Blurring the line between artist and therapist, Adam J. Kurtz, is our favorite person on Instagram these days. Describing himself as hopeful but realistic, Kurtz is interested in the ephemera of daily life, a nice little thing that makes you feel better for some reason, and creating honest, accessible work.
A designer-author-illustrator-creative director-writer-small press-brand, Kurtz’s brand, rooted in honesty, humor, and a little darkness. One of our favorite creations by him is a book dedicated to life advice for creatives. Describing it as the most sincere work he’s ever done, the book is a fully handwritten essay collection that touches on what it really means to be a creative person, and all the energy and fear and internal jumble that comes with that.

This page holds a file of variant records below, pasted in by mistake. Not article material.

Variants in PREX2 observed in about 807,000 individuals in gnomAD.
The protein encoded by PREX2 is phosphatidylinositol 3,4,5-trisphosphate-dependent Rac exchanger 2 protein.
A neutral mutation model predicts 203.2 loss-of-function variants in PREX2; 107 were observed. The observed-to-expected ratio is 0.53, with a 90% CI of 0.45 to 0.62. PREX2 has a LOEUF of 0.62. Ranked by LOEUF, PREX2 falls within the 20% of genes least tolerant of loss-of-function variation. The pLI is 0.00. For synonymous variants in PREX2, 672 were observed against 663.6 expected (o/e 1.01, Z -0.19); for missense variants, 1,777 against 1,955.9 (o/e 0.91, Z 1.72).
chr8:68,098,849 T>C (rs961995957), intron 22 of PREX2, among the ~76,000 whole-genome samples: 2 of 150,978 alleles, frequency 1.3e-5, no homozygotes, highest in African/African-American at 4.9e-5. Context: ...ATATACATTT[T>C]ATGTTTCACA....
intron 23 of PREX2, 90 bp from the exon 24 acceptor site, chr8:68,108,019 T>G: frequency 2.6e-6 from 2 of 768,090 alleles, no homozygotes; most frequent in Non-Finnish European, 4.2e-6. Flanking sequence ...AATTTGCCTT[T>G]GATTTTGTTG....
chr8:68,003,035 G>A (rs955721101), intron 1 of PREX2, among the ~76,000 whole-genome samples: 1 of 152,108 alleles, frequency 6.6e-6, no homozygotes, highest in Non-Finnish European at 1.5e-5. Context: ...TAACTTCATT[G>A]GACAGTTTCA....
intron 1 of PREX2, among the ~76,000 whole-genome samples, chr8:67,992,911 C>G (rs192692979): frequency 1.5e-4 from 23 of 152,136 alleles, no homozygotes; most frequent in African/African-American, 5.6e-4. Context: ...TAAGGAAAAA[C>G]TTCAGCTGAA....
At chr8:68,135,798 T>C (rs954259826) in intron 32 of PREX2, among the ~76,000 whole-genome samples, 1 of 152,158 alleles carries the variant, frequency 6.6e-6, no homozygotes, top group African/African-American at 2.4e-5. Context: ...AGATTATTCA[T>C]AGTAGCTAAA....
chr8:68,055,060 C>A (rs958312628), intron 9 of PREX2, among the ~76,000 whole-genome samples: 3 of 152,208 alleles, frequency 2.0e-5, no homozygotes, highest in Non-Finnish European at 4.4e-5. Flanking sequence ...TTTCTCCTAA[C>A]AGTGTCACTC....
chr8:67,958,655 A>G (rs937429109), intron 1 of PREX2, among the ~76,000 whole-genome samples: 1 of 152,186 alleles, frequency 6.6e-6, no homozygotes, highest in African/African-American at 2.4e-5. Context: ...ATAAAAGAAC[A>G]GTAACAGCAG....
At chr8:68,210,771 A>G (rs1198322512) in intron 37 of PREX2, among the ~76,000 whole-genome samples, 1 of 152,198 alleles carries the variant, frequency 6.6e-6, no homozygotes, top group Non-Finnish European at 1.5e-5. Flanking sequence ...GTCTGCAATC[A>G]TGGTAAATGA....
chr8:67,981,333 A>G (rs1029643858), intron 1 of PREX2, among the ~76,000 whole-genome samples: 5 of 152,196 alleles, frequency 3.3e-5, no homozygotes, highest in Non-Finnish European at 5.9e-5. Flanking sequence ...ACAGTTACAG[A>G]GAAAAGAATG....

But his advice can also be relevant to non-artistic folk as well. “Creativity is a huge, giant word,” he remarked once in an interview with the Creative Independent. “I don’t think creativity is inherently good. I don’t think it’s inherently anything. Actually, I’m not even sure if creativity is the drive to make things, or if it’s the mechanism that allows us to make things. It’s so big, and the word means so many different things to different people.”
“People say that to me all the time. ‘I wish I was creative,'” he notes. “Everyone is creative. Creativity is not a magical skill that you have or don’t have. I think creativity is one of the big, vague things that we all have that manifests itself in very different ways.”
According to Kurtz he tries to remind people that creativity isn’t just writing or drawing, and it’s not just for artists. It also doesn’t have to be labeled anything. “Really, everything I’ve ever done has come from this place of me helping myself, and then letting other people into it,” he notes.
You’ll want his positive spirit in your feed and life.